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Mohammad cartoonist wants his old identity back

COPENHAGEN (Reuters) - A Danish cartoonist at the center of a crisis in 2006 that set off riots in the Muslim world dislikes the profile the incident gave him and would prefer to return to his old identity as an ordinary artist.

Kurt Westergaard’s cartoon depicting the Prophet Mohammad wearing a turban shaped like a bomb sparked outrage across the Muslim world and the artist said it took on a life of its own.

“It travels around the world and is used and misused and the cartoon gets a status as an icon, as I do sometimes, and I am not so happy about that.”

“I’d want back my good old identity as an average, reliable cartoonist that pretty much never missed a deadline,” Westergaard told a news conference Monday to coincide with the launch of his autobiography.

The autobiography includes a new version of the cartoon, one of 12 published by a Danish newspaper in 2005 that caused riots and the death of at least 50 people in the Middle East, Africa and Asia after Muslims took offense.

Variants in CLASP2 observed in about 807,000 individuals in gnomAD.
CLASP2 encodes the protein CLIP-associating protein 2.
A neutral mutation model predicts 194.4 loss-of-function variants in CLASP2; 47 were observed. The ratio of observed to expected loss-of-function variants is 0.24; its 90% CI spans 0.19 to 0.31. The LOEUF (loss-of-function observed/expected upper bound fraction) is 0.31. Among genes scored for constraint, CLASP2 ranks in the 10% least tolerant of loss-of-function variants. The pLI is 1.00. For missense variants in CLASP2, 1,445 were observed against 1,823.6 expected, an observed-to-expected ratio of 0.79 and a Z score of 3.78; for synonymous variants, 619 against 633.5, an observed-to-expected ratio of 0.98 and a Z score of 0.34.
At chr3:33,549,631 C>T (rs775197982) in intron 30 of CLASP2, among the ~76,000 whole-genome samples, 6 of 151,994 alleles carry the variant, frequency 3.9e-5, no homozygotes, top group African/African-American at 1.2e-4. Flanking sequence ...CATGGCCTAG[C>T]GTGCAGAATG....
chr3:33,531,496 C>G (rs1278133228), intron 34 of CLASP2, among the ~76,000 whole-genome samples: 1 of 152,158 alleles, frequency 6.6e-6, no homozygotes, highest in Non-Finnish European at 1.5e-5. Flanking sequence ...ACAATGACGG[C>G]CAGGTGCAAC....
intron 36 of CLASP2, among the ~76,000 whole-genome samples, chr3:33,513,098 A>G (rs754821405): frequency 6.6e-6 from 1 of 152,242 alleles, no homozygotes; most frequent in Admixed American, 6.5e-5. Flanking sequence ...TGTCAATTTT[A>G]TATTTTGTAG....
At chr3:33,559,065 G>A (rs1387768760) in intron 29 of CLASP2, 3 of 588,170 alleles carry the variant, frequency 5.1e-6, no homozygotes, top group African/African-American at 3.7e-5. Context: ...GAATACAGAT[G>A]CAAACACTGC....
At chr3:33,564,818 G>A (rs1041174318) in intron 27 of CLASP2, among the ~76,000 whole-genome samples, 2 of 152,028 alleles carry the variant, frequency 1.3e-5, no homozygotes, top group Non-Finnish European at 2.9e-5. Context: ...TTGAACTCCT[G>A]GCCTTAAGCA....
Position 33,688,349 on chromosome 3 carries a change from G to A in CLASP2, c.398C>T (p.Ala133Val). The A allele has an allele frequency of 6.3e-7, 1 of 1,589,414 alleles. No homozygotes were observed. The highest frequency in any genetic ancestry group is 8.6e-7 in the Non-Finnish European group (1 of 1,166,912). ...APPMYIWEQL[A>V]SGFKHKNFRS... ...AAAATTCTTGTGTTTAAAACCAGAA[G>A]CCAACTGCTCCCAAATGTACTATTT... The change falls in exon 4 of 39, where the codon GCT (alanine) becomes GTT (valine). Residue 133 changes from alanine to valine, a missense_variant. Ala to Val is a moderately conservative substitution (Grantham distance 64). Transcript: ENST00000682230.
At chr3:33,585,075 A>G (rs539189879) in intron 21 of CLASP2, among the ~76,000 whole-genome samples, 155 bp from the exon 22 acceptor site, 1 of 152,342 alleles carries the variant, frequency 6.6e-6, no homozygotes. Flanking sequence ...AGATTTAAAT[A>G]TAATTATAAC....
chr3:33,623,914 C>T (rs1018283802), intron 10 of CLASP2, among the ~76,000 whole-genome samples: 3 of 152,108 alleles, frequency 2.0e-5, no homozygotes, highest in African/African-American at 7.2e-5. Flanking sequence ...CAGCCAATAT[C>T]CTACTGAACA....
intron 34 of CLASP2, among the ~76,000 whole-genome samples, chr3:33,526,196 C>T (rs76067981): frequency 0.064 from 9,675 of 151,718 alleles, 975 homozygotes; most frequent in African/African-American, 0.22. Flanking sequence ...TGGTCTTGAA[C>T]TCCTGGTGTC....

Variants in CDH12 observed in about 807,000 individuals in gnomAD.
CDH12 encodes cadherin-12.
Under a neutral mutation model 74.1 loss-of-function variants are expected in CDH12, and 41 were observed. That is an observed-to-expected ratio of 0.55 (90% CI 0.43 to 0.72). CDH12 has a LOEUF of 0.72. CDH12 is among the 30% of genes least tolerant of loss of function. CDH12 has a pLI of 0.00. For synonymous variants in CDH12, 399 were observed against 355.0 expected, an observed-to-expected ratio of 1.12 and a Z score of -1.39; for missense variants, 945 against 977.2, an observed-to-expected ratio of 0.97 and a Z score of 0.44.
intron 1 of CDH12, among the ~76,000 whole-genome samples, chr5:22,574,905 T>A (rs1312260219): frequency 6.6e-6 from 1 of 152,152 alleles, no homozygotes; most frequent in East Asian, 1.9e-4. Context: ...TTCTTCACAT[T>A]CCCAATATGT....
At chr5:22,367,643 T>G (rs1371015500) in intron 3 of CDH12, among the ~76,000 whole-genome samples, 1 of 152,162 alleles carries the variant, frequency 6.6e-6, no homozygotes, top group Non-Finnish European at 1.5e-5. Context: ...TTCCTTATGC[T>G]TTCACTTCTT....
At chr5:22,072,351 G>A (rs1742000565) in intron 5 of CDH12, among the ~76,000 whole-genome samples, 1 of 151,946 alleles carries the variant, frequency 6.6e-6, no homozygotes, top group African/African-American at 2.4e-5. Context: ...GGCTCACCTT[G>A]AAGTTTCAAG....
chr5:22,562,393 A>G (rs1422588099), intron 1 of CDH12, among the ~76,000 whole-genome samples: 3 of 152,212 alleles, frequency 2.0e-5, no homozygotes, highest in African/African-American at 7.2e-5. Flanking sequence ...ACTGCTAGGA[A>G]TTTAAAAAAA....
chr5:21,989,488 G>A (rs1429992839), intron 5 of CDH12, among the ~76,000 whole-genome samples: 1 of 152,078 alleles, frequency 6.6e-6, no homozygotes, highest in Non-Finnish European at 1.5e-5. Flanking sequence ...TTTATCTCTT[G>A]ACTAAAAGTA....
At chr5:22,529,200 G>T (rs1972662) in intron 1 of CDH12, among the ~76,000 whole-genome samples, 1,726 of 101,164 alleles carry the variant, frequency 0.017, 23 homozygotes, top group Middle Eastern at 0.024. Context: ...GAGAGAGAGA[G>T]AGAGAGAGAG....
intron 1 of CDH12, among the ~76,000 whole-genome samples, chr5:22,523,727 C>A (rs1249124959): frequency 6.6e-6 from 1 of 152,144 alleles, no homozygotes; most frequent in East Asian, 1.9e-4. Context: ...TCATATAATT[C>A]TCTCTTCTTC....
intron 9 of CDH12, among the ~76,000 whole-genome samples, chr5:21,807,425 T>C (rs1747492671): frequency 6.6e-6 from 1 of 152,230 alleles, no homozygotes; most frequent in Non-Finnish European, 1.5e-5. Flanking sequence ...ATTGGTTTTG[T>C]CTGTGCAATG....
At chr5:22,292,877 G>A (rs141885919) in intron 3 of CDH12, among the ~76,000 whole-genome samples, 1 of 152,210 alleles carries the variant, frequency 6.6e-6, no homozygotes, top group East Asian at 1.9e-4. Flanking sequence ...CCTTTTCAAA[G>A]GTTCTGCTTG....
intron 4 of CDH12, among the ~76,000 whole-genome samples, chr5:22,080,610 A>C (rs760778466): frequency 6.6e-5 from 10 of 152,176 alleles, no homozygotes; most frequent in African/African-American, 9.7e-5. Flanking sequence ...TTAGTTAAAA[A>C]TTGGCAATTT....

“Self censorship is dangerous because you cannot see it. It is not bureaucratic as it is going on inside the heads of people,” Westergaard, 75, told Reuters, adding that the new book was also a defense of freedom of speech.

In January, Westergaard escaped an axe attack by a man suspected of al Qaeda links.

However, he said he did not regret the publication.

“The cartoons have contributed to starting a necessary debate on freedom of speech. That has caused friction between Muslim and Western Christian democratic cultures and that is something we need to get through. But it should preferably happen peacefully.”

Westergaard’s new book “The Man Behind The Lines” contains a cartoon depicting the artist glancing at his 2005 cartoon and showing him with a bomb on his own head.

Reporting by Anna Ringstrom; Editing by Susan Fenton